SCHS followed 63,000 middle-aged and elderly Chinese Singaporeans for 15 years to determine how lifestyle and diets affect their health outcomes, in particular in chronic diseases common among Singaporeans.
Dr Jasmine Lew, Resident Physician at SingHealth Polyclinics (SHP) - Bedok, could be a rare specimen of clinician: primary care clinician-researcher.
An enthusiastic advocate of research and a Khoo scholar, she was roped in by Professor Koh Woon Puay of Duke-NUS, the site-principal investigator of the Singapore Chinese Health Study (SCHS), and Professor Tazeen Jafar, Dr Lew's Khoo scholar mentor, to study end-stage renal disease (ESRD) using its population data.
SCHS followed 63,000 middle-aged and elderly Chinese Singaporeans for 15 years to determine how lifestyle and diets affect their health outcomes, in particular in chronic diseases common among Singaporeans. More than 60 peer-reviewed findings have resulted from it.
What Dr Lew (above) and her collaborators found was intriguing: eating red meat may increase the risk of kidney failure, and replacing red meat with other proteins can reduce the risk of ESRD. Their findings were published in July 2016.
"From a primary care provider's point of view, this information is very important," Dr Lew, who was first author of the paper said, "The results from this study are directly applicable, suggesting that we should advise patients who are at high risk of developing ESRD to reduce their red meat consumption."
It was her introduction to a major epidemiologic study as a clinician, but Dr Lew's journey really started in her undergraduate days in the US. She said, "My undergraduate school was research-intensive, and it was a journey that taught me that there are many ways to do research. Such an environment allows research to thrive."
Dr Lew then continued to be involved in research during her further training in outpatient paediatrics, nutrition and epidemiology, before returning to Singapore and joining SHP. "As a primary care physician, I'm interested in preventive care medicine. Research with large data sets supports primary care so that we can treat patients' existing diseases more effectively and delay the progression of illnesses."
"Knowledge gleaned from studies is important ... But even more important is how we interpret it for our patients, to preserve its key message."
- Dr Jasmine Lew, Resident Physician, SHP-Bedok
Prof Tazeen Jafar, Professor at Duke-NUS Medical School's Health Services & Systems Research Programme and visiting consultant at Singapore General Hospital, said, "In health services research (HSR), we try to find systems or population level patterns associated with health outcomes. These include lifestyle, behaviours, and social factors, and their determinants and policies that influence such factors. We try to find solutions by improving delivery and access to care and reducing disparities in healthcare."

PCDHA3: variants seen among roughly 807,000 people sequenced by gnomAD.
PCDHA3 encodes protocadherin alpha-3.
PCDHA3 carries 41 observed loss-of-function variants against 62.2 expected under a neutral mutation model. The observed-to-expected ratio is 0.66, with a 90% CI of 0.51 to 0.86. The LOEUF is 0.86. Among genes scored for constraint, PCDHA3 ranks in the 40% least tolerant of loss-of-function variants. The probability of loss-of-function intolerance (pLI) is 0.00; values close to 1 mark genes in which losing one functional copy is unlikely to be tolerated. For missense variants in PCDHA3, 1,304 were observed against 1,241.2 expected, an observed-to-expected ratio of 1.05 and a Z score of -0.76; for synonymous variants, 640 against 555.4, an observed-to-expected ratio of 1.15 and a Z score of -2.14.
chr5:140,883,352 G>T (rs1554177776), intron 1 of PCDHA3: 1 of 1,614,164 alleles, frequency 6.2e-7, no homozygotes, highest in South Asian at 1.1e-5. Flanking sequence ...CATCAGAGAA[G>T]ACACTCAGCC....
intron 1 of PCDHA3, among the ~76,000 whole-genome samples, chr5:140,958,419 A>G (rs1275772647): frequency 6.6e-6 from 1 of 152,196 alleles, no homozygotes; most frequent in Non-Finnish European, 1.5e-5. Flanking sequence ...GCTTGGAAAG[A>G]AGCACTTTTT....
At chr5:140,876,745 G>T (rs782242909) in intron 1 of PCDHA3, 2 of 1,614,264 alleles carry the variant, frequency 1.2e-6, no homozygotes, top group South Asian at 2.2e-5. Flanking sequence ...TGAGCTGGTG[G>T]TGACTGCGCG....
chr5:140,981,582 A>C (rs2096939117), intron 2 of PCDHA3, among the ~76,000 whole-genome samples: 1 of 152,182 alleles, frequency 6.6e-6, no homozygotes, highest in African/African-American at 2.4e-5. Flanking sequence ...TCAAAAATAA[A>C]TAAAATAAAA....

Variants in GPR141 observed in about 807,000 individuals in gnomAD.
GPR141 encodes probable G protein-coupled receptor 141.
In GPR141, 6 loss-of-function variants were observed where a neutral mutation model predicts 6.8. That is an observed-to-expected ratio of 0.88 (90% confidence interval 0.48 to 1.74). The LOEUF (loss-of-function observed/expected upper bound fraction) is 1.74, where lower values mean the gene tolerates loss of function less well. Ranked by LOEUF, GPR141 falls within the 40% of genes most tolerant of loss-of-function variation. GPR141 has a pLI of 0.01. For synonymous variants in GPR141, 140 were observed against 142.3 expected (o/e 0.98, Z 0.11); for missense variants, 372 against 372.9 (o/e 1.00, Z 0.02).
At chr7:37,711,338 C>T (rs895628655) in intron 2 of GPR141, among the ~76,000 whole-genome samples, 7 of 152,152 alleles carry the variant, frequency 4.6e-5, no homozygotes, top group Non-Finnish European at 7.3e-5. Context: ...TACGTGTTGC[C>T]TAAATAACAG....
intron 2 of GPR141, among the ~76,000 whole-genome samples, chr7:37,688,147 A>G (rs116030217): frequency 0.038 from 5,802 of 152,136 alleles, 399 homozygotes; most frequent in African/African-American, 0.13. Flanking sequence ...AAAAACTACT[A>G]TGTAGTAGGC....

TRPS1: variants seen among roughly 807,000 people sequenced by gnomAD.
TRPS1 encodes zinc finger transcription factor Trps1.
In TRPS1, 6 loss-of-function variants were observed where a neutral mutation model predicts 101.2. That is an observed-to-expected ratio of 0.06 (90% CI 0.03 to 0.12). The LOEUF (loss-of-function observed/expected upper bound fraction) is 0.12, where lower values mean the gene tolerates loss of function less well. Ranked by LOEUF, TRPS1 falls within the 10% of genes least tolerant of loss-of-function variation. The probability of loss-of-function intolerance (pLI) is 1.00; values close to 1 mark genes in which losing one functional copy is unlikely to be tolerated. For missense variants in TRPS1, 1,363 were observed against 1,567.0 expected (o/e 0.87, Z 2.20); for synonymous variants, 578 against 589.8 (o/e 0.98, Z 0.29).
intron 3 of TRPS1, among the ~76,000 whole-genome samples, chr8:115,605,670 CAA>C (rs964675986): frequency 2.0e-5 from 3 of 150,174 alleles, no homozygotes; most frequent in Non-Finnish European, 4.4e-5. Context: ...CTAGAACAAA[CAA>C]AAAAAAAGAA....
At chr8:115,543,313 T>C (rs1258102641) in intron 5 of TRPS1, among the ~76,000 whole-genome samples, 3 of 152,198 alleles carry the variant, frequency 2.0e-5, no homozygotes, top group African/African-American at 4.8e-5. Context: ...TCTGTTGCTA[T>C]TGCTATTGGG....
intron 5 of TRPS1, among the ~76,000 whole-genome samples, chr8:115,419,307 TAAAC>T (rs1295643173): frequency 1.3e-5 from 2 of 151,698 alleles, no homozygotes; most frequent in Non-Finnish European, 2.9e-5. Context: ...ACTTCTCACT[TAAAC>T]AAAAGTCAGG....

"I'm guiding Jasmine in further studies to determine the prevalence and determinants of chronic kidney disease (CKD) in Singhealth polyclinics, and to develop programs for optimal recognition and management of CKD. We need a primary care physician because they are the ones working closely with patients at the community level to control and prevent such a chronic condition."
Working with SCHS' huge data set had its challenges, but none that Dr Lew couldn't overcome. She shared, "Prof Koh Woon Puay recruited me to lead the study and guided me throughout. I also had support from Dr Tan Ngiap Chuan, SHP's Director of Research, who first introduced me to Prof Koh and ensured that I have protected time for research."
Dr Lew also worked hand in hand with an epidemiologist at the National Registry of Diseases Office to understand how the data can be interpreted for both the public and the individual patient.
"Knowledge gleaned from studies is important because it affects the wider population and reinforces what we tell our patients. But even more important is how we interpret it for our patients, to preserve its key message," Dr Lew said, "The key is to humanise the information for our patients so it makes sense for them."
Health Services Research
Health Services Research (HSR) is a multi-disciplinary field of scientific investigation, consisting of both basic and applied sciences, that aims to identify the most effective ways to organise, manage, finance, and deliver high quality care in order to optimise population health, service costs, and satisfaction of patients and providers.
This field draws from many disciplines to address the breadth of research, including biostatistics, epidemiology, decision sciences, health economics, medicine, nursing, operations research, psychology and medical sociology.
In 2015, SingHealth established the SingHealth Health Services Research Centre to coordinate and synergize existing HSR capabilities across various SingHealth institutions. The Health Services Research Institute (HSRI) was also set up as a functional bridge between HSR researchers at SingHealth and Duke-NUS Medical School.